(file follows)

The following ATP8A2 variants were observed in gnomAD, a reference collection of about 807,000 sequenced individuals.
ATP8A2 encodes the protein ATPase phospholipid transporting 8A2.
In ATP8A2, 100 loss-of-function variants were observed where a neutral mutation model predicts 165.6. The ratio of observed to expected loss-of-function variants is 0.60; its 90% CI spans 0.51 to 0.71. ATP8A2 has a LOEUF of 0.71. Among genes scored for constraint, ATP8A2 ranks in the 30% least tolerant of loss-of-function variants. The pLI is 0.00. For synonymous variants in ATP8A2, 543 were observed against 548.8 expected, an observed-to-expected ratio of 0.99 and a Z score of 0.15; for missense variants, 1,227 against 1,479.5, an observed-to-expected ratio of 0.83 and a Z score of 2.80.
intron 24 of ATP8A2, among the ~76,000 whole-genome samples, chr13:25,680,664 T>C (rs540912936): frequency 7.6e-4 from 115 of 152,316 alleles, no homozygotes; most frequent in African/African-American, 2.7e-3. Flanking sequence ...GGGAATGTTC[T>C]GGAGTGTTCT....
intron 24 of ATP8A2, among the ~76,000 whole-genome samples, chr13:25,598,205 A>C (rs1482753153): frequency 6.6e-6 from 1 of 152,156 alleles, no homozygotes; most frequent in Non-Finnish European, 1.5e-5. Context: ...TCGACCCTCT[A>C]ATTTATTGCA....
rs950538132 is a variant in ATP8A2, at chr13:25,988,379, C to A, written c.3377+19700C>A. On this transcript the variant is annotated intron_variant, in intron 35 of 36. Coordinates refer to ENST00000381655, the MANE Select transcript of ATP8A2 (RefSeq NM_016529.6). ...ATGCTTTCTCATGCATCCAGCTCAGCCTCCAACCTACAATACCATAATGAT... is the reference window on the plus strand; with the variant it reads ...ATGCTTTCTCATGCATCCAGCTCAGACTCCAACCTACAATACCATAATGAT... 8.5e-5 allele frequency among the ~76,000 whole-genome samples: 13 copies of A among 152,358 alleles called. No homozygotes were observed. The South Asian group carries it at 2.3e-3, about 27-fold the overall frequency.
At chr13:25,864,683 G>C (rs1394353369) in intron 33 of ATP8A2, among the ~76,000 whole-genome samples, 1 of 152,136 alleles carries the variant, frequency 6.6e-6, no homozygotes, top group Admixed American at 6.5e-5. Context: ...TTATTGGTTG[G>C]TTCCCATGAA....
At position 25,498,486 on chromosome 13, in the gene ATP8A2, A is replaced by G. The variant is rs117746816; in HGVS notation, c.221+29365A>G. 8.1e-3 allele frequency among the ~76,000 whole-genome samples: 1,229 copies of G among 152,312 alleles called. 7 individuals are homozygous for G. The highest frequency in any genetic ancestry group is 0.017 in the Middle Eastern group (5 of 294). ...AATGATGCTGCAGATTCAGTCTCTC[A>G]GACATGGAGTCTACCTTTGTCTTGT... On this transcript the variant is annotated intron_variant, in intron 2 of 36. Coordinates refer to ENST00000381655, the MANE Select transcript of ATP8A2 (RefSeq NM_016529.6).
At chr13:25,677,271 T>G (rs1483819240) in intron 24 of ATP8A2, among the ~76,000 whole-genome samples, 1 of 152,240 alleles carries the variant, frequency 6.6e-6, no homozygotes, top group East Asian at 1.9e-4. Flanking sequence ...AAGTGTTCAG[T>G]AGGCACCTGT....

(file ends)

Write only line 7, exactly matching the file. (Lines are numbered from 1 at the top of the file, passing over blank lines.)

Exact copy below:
At chr13:25,864,683 G>C (rs1394353369) in intron 33 of ATP8A2, among the ~76,000 whole-genome samples, 1 of 152,136 alleles carries the variant, frequency 6.6e-6, no homozygotes, top group Admixed American at 6.5e-5. Context: ...TTATTGGTTG[G>C]TTCCCATGAA....